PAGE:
The United Kingdom has announced that it will be complying with an insurance ruling coming from the European Court of Justice, the judicial arm of the European Union. The rule bans European insurance companies from imposing gender-sensitive premiums and benefits. This has drawn the opposition of insurers, who argue that premiums are determined by a multitude of complex factors and that limiting their ability to calculate premiums accurately would result in pricing that is either too high or too low for risk.
Despite the opposition, the rule will be enforced after December 21, 2012, according to Mark Hoban, the UK’s financial services minister. The minister has made it clear that the ruling will affect new contracts and not those that are already enforced at the time. Those policies being renewed after the deadline will be subject to the insurance rule.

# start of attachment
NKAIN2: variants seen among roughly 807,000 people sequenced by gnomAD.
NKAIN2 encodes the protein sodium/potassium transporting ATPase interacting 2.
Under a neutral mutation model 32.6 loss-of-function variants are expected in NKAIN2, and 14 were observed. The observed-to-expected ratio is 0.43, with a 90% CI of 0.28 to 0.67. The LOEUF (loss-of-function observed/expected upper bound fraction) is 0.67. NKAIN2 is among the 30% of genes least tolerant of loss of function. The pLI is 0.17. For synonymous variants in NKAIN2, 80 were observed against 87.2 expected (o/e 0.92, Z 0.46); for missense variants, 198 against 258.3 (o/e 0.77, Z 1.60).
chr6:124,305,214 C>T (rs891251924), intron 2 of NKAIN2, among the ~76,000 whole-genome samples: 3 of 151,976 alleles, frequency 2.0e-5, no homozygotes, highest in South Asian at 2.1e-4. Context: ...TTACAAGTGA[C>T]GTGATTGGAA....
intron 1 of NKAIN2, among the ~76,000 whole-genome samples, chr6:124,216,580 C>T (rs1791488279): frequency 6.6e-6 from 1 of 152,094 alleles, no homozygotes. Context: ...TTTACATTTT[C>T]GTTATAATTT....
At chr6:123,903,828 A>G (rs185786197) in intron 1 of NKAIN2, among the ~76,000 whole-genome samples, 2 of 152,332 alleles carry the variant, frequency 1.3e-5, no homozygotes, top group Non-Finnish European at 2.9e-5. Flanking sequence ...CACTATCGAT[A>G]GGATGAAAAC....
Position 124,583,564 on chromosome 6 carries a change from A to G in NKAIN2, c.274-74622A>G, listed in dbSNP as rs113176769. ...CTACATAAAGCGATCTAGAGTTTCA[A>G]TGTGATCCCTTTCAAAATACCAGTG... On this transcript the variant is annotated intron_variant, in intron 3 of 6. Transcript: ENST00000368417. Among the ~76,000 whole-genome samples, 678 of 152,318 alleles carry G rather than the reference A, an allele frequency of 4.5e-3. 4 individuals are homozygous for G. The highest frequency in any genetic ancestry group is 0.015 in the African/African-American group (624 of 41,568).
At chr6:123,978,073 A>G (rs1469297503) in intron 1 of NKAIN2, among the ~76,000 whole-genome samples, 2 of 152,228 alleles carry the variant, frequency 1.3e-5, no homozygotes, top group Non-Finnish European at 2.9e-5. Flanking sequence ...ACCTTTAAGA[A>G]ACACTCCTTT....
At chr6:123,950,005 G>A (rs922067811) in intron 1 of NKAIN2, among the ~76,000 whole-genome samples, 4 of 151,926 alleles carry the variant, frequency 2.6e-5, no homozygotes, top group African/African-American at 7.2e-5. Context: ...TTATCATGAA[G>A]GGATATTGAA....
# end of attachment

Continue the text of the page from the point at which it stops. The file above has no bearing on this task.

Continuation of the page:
Several other European nations are adopting the ruling along with the UK. Germany and Sweden, who both serve as home to some of the world’s most prestigious insurance companies, will be complying with the rule beginning in December as well.
The rule stems from an issue originating in Belgium in which consumers, upon learning the factors that contributed to calculating premiums, decried the practice of gender-sensitive pricing. The issue was brought before a consumer advocacy group, Test-Achats, who then brought it before the European Court of Justice. The ruling has received generally positive support from consumers throughout the European Union with its most staunch opponents being the insurance industry.